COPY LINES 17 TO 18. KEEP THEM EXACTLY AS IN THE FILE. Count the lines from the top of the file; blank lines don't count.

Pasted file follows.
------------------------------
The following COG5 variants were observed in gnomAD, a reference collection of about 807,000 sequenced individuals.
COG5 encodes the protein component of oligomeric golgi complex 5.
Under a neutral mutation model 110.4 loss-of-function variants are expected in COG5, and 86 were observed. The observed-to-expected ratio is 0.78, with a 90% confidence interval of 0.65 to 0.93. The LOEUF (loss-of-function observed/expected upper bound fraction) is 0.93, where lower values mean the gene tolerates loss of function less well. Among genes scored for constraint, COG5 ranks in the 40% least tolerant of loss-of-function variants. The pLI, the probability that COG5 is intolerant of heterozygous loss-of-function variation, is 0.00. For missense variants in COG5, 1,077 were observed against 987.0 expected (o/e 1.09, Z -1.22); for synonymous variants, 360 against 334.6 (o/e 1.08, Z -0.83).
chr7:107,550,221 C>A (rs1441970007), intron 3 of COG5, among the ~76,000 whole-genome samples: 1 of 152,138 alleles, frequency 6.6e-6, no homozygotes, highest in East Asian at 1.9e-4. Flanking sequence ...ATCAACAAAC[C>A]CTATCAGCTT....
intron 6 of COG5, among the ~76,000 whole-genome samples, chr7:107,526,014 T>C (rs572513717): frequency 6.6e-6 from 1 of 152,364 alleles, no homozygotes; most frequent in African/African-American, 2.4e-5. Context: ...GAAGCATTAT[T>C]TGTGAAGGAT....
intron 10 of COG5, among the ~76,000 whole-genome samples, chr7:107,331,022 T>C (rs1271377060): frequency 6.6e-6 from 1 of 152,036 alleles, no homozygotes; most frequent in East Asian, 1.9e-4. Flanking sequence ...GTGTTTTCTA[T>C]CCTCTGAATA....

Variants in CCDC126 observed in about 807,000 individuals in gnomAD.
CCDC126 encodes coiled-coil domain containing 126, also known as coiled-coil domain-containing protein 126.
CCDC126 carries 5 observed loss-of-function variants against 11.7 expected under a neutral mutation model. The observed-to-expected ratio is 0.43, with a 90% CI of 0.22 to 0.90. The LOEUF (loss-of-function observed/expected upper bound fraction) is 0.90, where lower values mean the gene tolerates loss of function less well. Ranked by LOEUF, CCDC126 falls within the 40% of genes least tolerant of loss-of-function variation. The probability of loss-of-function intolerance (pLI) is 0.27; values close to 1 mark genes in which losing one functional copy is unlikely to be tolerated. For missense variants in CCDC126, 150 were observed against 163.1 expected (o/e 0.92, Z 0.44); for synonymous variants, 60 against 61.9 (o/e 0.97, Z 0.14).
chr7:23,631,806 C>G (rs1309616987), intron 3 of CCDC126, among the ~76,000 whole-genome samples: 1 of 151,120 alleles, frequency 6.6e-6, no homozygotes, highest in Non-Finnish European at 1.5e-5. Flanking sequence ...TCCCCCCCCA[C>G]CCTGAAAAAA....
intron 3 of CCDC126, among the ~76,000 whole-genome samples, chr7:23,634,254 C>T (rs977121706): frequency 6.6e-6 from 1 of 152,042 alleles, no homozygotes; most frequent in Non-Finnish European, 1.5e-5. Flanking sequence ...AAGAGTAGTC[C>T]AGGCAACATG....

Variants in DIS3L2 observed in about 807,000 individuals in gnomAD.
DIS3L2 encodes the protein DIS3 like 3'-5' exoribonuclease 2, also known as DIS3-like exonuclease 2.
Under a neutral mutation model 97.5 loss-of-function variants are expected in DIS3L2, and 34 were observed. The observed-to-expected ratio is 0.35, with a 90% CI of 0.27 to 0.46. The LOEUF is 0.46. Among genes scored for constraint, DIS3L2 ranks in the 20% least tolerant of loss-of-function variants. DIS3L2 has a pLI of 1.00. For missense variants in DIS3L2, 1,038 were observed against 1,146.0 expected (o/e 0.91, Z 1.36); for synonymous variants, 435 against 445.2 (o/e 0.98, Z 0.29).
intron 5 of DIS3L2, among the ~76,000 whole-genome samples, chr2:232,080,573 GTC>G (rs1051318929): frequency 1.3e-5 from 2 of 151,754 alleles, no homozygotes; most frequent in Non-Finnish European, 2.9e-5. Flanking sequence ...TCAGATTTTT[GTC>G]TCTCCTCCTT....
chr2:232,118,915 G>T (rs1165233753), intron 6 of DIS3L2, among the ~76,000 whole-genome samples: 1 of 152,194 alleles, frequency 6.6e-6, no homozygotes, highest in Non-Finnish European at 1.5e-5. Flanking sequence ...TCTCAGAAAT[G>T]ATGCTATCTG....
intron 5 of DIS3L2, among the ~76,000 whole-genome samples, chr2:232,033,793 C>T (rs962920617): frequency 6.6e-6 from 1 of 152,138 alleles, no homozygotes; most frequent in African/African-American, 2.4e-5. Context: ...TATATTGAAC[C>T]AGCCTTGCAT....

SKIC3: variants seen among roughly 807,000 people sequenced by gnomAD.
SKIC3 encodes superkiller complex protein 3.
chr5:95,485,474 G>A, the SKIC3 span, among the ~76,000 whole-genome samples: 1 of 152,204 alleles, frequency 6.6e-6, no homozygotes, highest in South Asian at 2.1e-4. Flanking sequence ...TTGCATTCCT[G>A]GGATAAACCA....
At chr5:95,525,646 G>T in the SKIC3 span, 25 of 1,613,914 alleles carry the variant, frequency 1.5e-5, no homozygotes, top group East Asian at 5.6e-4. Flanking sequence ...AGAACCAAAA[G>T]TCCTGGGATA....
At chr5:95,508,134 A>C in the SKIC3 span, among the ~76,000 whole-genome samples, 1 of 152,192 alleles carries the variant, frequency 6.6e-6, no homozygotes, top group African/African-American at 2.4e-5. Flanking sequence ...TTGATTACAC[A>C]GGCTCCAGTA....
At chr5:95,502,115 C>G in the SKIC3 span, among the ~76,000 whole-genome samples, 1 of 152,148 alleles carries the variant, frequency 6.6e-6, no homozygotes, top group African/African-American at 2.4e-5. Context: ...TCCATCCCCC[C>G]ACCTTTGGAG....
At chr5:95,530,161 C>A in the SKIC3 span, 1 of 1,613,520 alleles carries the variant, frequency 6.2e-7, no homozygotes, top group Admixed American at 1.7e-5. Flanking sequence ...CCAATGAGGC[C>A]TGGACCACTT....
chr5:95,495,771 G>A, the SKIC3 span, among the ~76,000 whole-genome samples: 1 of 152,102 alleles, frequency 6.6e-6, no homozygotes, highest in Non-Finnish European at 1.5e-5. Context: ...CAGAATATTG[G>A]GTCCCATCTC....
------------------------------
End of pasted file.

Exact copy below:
intron 5 of DIS3L2, among the ~76,000 whole-genome samples, chr2:232,033,793 C>T (rs962920617): frequency 6.6e-6 from 1 of 152,138 alleles, no homozygotes; most frequent in African/African-American, 2.4e-5. Context: ...TATATTGAAC[C>T]AGCCTTGCAT....

SKIC3: variants seen among roughly 807,000 people sequenced by gnomAD.